You have several options for selling your goods: You might sell through a distributor (wholesale), sell directly to customers (retail), or place your products on consignment. Whatever method you use, it's smart to apply standard business procedures to avoid legal problems and protect your business.
Though "caveat emptor" -- let the buyer beware -- used to be the law of the marketplace, today's consumers have clout. State consumer protection statutes are meant to protect consumers from unfair or deceptive practices and often go beyond the traditional legal remedies available for breach of warranty. These laws are on the books in nearly every state.
When taking orders, whether by phone or online, you must follow the shipping and refund rules of the Federal Trade Commission's Mail or Telephone Order Merchandise Rule, also known as the "30-Day Rule." In a nutshell, the rule mandates that when you advertise merchandise and state the shipping times, you must have a reasonable basis for believing you can meet these shipping deadlines.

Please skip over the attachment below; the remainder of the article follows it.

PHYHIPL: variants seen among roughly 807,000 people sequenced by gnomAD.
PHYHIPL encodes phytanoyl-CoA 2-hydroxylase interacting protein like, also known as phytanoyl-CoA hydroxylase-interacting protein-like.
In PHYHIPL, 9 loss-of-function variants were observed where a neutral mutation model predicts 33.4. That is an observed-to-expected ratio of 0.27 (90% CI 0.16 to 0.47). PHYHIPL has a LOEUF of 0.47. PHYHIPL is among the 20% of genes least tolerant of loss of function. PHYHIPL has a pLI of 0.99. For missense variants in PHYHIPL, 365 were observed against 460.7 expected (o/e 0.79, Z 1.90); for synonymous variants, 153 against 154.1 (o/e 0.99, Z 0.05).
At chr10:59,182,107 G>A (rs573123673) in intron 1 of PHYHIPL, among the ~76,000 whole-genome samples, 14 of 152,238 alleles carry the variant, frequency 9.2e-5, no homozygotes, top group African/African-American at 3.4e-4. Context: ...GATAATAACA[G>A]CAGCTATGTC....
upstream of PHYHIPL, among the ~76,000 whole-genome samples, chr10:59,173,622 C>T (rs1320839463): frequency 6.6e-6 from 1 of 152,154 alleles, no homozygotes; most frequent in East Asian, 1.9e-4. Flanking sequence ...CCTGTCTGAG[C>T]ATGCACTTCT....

Leasing equipment can be a better option for business owners who have limited capital or who need equipment that must be upgraded every few years, while purchasing can be a better option for established businesses or for equipment that has a long usable life. Each business owner's situation is unique, however, and the decision to buy or lease business equipment must be made on a case-by-case basis.
Many businesses invoice their customers. But you may not realize that when you invoice a customer, your business is actually extending credit. It may not feel like you're extending credit -- after all, you're just waiting for payment -- but from a legal perspective, you're making an unsecured loan. You should consider the customer's creditworthiness before you do so. Here are a few basic principals to keep in mind.